The Hartford Courant
August 25, 2003
When legislators return from their recess, medical malpractice insurance proposals will undoubtedly be on the agenda.
Fortunately, Connecticut's malpractice insurance problem is different from the widely publicized problems found elsewhere. In Connecticut there is no crisis.
Most doctors in Connecticut can obtain malpractice insurance at reasonable rates. Doctors are not fleeing Connecticut - in fact, during the past 10 years the number of licensed doctors in Connecticut has increased every year - and the number of malpractice cases filed each year has remained reasonably steady.
In Connecticut, the problem is the affordability of malpractice insurance for a few medical specialties, most notably obstetrician-gynecologists and some surgical specialties. Specialists in these fields are being quoted rates of $100,000 or more for a year's insurance coverage. Clearly, measures should be taken to protect them.
The reason these specialists face such high rates is that when they make errors, the results are devastating. In addition, there are too few of them in the state for the insurance companies to sufficiently spread the risk. To solve this limited problem, the American Medical Association and others are backing sweeping legislation to severely limit the right of malpractice victims to recover for serious injuries and death caused by medical negligence.
There is a better way to address this problem and at the same time improve the quality of patient care. Both can be accomplished through premium averaging.
For all doctors in the state insured by Connecticut's most expensive insurance company the average malpractice premium is only about $13,000 per year. That average includes rates paid by the high-priced obstetricians and surgeons. What is more, the entire amount of the premium is deductible, leaving the after-tax average cost to the doctor at only about $7,500 a year - a small price to pay for patient protection.
If all of the doctors were charged the average, the price of insurance for obstetricians and other high-risk specialists would drop from $100,000 to $13,000, though the price for most other doctors would rise slightly to that same average level.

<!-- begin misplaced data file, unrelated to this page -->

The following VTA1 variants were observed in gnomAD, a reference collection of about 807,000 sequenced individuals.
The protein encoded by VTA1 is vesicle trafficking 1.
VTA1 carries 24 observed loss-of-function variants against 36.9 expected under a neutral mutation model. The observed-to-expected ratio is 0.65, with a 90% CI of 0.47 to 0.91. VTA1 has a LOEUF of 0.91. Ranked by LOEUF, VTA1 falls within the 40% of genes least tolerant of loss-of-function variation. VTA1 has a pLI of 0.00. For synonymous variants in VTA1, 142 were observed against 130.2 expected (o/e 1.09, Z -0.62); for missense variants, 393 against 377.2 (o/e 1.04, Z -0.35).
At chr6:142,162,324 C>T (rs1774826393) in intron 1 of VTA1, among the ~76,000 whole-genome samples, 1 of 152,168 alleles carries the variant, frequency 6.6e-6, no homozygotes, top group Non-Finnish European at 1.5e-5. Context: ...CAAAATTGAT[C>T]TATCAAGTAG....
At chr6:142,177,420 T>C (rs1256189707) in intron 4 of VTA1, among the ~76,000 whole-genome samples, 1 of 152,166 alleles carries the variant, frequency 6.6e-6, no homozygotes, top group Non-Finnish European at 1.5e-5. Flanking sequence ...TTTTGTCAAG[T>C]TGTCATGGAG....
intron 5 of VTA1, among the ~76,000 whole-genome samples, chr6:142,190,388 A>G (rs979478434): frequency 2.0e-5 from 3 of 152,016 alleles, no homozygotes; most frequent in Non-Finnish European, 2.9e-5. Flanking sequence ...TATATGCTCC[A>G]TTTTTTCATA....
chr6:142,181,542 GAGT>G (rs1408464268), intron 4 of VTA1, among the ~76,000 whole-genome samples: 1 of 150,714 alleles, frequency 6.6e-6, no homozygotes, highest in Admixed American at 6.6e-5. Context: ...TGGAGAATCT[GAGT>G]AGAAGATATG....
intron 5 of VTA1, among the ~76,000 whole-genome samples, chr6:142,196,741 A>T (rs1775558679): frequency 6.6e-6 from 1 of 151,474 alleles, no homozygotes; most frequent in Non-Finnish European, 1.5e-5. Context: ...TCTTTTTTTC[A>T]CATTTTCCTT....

Isn't this a more humane way to solve the problem than taking the money from the brain-damaged children and those paralyzed, sterilized, blinded and disfigured by medical negligence?
There are problems with premium averaging.
One potential problem is that in order for insurance companies to set their rates with premium averaging they will first have to know the entire pool they are insuring. Also, insurance companies wanting to lower their average, to make their product more competitive, might simply refuse to insure high-risk specialists. Finally, doctors seeking lower premiums could avoid those companies insuring the high-risk specialists.
All of these problems can be solved by legislation.
The legislation should require all doctors to purchase group malpractice insurance. Doctors with hospital affiliations would purchase their insurance though hospital insurance cooperatives that would cover the entire hospital medical staff, including obstetricians. The insurance company would know the entire pool of doctors and staff before it quoted a premium and all doctors would be guaranteed affordable insurance. Thus, every doctor with privileges at a hospital would pay for and be insured through the hospital's insurance policy.
Along with this reform, legislation can be adopted to beef up the power of hospitals to control doctors' conduct. In the end, it is the high rate of medical errors, committed by a very few doctors, that is the root cause of the insurance problem. As it is now, hospitals are often afraid to act against bad doctors for fear of being sued. But it is hospitals that are in the best position to assure quality of care, and they must be protected in their efforts to do so.
Under this plan those few doctors who practice exclusively outside of the hospital setting can be offered insurance through group coverage with county medical societies.
These proposals can effectively cure the medical malpractice insurance problem by providing guaranteed, affordable insurance for all of Connecticut's doctors without destroying the rights of those devastated by medical negligence.